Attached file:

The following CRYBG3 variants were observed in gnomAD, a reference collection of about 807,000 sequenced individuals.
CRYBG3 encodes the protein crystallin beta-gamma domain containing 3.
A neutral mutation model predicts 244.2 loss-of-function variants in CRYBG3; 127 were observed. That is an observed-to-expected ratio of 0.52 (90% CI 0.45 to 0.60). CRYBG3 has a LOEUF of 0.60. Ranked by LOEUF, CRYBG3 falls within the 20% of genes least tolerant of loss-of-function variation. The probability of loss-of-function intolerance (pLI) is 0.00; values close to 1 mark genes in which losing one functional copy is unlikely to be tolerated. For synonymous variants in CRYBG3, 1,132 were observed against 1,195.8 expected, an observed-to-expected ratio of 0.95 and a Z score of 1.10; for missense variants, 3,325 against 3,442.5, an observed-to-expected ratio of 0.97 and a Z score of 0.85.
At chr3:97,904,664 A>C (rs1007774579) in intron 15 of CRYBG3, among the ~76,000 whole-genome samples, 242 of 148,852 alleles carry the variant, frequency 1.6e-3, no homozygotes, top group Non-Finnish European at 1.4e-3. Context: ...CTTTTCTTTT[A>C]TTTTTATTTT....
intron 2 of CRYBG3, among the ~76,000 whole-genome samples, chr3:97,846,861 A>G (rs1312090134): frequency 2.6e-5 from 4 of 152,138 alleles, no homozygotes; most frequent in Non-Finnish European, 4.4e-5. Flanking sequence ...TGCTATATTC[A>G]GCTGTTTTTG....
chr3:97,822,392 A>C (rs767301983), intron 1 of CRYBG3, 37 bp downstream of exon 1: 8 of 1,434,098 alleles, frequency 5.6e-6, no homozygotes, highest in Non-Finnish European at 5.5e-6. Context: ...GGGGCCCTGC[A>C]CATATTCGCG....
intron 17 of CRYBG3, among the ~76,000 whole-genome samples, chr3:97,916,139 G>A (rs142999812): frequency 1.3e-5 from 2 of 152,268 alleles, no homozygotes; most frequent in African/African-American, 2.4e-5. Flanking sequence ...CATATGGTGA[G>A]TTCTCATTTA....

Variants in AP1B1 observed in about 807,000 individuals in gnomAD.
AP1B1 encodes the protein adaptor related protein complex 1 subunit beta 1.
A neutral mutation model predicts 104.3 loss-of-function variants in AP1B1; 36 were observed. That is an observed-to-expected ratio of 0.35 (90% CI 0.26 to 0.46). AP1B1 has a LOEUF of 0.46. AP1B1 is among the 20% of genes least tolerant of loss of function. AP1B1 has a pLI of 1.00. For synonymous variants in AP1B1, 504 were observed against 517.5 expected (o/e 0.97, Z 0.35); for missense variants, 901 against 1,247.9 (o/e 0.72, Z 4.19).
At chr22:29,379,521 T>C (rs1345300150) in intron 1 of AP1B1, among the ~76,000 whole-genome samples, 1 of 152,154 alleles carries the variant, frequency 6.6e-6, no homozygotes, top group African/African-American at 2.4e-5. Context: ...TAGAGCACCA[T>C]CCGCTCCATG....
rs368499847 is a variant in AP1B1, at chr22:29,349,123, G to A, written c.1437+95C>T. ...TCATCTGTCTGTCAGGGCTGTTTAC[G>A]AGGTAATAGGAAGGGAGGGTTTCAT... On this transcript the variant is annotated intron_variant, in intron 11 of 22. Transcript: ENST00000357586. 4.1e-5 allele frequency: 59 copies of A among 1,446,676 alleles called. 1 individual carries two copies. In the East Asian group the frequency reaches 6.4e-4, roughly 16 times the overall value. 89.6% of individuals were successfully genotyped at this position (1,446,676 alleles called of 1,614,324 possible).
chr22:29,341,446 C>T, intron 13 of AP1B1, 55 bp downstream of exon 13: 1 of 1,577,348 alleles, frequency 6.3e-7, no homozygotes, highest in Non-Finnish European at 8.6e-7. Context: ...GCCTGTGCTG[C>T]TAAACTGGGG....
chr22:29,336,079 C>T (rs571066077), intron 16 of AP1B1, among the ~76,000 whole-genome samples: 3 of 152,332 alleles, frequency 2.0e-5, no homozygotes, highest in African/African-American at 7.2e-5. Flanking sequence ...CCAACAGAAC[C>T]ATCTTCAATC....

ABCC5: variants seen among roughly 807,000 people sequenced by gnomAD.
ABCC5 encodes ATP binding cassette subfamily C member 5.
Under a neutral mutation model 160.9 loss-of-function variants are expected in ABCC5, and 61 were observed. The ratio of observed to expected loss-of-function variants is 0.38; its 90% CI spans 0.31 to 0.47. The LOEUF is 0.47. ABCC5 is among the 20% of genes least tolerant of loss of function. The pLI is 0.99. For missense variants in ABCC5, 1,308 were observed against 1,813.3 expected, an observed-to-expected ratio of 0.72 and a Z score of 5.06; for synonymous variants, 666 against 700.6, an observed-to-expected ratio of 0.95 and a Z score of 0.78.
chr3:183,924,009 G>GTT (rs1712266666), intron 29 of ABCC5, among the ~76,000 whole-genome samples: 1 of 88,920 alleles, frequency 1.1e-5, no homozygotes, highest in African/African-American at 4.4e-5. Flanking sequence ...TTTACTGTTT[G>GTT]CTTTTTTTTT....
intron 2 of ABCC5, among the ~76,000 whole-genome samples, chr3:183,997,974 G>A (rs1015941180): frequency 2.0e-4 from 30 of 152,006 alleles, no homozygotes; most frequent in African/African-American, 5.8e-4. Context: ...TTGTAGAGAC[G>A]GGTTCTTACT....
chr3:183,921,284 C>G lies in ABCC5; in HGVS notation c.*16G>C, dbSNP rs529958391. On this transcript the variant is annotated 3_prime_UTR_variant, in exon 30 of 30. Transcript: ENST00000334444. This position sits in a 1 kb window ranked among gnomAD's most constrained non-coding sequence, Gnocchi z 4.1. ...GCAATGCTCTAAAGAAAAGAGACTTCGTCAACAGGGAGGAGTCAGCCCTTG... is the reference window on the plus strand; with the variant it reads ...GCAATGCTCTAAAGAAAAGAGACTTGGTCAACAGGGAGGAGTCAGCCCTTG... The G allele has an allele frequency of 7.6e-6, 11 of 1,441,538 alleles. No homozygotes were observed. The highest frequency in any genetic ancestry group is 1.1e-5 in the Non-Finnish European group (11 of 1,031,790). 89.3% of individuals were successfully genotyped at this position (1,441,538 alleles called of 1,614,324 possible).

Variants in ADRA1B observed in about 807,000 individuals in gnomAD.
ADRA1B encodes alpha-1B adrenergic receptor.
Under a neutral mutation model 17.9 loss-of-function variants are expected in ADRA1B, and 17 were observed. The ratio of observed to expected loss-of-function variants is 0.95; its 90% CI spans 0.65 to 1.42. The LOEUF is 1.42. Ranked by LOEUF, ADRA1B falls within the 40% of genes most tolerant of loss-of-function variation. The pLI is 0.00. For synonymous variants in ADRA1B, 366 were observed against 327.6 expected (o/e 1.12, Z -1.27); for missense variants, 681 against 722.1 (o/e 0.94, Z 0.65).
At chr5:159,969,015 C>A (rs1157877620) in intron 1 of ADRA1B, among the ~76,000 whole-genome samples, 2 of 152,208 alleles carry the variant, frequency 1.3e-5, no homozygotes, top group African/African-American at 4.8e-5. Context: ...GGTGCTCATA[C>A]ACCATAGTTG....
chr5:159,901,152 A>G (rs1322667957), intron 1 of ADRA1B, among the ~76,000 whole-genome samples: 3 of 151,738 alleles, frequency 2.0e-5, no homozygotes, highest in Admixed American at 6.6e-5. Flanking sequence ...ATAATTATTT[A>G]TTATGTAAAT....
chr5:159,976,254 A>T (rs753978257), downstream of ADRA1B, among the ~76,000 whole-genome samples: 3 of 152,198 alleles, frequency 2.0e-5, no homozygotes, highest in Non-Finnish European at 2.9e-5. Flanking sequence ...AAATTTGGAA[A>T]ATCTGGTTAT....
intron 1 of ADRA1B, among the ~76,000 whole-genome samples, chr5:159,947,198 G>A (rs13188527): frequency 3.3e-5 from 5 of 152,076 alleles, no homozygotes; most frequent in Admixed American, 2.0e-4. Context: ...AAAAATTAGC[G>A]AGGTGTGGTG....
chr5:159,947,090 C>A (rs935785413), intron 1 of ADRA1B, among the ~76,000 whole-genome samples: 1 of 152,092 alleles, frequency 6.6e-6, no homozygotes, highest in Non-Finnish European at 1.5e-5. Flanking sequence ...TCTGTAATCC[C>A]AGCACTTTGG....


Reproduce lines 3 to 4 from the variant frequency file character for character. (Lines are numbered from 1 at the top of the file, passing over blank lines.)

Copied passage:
A neutral mutation model predicts 244.2 loss-of-function variants in CRYBG3; 127 were observed. That is an observed-to-expected ratio of 0.52 (90% CI 0.45 to 0.60). CRYBG3 has a LOEUF of 0.60. Ranked by LOEUF, CRYBG3 falls within the 20% of genes least tolerant of loss-of-function variation. The probability of loss-of-function intolerance (pLI) is 0.00; values close to 1 mark genes in which losing one functional copy is unlikely to be tolerated. For synonymous variants in CRYBG3, 1,132 were observed against 1,195.8 expected, an observed-to-expected ratio of 0.95 and a Z score of 1.10; for missense variants, 3,325 against 3,442.5, an observed-to-expected ratio of 0.97 and a Z score of 0.85.
At chr3:97,904,664 A>C (rs1007774579) in intron 15 of CRYBG3, among the ~76,000 whole-genome samples, 242 of 148,852 alleles carry the variant, frequency 1.6e-3, no homozygotes, top group Non-Finnish European at 1.4e-3. Context: ...CTTTTCTTTT[A>C]TTTTTATTTT....